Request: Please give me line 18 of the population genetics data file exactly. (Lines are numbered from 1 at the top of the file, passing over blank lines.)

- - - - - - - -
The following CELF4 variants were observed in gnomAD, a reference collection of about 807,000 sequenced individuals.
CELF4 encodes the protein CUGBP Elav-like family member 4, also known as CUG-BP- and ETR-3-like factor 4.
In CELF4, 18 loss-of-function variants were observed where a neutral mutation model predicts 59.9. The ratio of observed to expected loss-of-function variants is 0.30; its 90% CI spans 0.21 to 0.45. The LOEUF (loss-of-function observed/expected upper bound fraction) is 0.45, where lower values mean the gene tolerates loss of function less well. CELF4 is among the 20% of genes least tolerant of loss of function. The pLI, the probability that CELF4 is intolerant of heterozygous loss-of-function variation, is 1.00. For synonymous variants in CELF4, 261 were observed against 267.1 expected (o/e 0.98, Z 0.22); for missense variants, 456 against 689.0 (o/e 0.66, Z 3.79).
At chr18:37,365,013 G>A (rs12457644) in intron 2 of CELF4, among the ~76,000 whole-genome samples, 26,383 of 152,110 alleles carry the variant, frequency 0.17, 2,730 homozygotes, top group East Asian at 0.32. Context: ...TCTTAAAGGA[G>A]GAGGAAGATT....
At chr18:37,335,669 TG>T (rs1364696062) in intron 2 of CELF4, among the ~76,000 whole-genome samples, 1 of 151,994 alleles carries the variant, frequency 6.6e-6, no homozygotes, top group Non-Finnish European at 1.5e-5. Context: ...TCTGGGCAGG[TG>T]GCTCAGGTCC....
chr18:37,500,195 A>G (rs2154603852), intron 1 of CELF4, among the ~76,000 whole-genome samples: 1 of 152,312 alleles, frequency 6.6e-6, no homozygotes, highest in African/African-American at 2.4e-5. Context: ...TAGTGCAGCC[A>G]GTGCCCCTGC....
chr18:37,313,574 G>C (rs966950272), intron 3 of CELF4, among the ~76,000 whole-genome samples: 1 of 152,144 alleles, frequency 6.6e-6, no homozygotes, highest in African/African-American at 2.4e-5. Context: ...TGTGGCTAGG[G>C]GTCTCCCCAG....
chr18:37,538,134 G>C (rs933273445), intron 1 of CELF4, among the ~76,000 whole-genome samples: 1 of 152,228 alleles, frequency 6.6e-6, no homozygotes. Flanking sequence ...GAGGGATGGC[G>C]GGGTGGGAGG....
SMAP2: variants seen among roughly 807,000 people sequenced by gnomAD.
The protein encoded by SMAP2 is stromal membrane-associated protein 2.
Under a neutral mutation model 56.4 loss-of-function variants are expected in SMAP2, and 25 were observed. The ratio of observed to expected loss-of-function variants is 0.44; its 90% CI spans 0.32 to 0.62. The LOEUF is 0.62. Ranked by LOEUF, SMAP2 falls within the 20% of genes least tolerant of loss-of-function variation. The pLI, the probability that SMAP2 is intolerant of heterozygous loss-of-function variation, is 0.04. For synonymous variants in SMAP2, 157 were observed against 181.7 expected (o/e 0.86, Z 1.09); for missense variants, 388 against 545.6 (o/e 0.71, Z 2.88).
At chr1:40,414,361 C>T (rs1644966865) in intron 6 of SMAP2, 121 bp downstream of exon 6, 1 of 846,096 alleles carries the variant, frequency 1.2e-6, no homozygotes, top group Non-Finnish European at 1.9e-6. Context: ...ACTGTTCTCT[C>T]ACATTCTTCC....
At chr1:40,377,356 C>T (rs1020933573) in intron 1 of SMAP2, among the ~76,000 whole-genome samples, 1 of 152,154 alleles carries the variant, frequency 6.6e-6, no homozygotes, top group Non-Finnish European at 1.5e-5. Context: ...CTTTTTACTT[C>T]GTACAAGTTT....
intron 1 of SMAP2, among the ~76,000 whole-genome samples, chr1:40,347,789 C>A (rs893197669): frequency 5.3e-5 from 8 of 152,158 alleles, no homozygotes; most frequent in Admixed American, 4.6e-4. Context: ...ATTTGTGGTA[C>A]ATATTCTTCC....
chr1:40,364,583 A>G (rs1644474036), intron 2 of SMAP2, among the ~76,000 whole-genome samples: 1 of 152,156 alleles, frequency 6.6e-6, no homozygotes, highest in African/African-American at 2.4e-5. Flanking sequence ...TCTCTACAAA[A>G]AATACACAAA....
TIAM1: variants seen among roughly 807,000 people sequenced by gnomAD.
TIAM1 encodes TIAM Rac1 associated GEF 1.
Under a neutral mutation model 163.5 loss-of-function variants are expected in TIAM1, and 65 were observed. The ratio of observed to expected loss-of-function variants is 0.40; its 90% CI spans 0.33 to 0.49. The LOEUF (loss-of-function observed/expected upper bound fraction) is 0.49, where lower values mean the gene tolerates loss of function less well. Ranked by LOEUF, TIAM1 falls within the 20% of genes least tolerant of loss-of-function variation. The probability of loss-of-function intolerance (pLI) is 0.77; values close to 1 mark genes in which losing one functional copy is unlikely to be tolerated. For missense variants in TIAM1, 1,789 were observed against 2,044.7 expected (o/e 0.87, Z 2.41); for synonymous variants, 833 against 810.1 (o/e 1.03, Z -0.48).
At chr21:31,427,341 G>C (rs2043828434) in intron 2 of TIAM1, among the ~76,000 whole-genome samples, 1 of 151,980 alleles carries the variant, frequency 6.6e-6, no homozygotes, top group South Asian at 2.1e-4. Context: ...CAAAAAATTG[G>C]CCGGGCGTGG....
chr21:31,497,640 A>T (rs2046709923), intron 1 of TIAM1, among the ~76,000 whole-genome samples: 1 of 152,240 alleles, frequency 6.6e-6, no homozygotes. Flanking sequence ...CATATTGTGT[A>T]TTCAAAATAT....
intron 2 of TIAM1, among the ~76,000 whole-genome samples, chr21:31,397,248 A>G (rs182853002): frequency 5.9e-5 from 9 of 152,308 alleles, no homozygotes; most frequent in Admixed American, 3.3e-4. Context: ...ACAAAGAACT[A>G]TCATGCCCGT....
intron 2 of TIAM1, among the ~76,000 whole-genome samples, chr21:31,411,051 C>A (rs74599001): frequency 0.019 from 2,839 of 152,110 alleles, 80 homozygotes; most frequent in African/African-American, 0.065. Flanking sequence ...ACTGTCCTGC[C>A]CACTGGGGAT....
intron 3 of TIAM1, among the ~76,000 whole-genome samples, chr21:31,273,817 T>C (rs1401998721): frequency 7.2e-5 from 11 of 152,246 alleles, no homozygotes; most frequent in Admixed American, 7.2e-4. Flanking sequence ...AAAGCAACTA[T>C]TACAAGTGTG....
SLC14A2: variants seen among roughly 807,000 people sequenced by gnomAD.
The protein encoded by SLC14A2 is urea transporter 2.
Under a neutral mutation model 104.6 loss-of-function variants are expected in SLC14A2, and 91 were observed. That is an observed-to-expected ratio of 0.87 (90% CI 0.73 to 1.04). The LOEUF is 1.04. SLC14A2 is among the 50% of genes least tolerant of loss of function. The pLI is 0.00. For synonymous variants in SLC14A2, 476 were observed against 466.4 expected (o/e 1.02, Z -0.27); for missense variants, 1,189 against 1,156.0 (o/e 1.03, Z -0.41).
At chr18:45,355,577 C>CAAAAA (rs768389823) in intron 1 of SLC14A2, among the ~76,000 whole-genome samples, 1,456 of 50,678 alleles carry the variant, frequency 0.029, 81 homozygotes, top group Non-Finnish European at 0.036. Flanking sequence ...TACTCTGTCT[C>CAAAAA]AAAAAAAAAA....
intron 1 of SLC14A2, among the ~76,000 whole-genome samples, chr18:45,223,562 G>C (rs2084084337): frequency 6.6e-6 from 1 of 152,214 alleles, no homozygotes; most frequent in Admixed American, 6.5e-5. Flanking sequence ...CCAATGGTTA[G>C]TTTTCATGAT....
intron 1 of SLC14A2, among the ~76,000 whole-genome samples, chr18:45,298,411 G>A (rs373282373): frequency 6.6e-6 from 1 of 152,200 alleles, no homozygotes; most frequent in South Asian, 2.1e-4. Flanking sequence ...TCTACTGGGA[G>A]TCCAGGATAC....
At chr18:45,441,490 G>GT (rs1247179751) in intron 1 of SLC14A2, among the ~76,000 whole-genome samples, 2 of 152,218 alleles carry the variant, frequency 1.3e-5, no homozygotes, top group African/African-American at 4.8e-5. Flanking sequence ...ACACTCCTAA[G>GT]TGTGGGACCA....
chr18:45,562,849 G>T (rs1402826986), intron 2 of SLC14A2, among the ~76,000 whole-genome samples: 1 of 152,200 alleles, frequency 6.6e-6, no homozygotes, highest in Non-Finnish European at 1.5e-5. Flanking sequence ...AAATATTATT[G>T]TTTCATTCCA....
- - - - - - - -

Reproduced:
Under a neutral mutation model 163.5 loss-of-function variants are expected in TIAM1, and 65 were observed. The ratio of observed to expected loss-of-function variants is 0.40; its 90% CI spans 0.33 to 0.49. The LOEUF (loss-of-function observed/expected upper bound fraction) is 0.49, where lower values mean the gene tolerates loss of function less well. Ranked by LOEUF, TIAM1 falls within the 20% of genes least tolerant of loss-of-function variation. The probability of loss-of-function intolerance (pLI) is 0.77; values close to 1 mark genes in which losing one functional copy is unlikely to be tolerated. For missense variants in TIAM1, 1,789 were observed against 2,044.7 expected (o/e 0.87, Z 2.41); for synonymous variants, 833 against 810.1 (o/e 1.03, Z -0.48).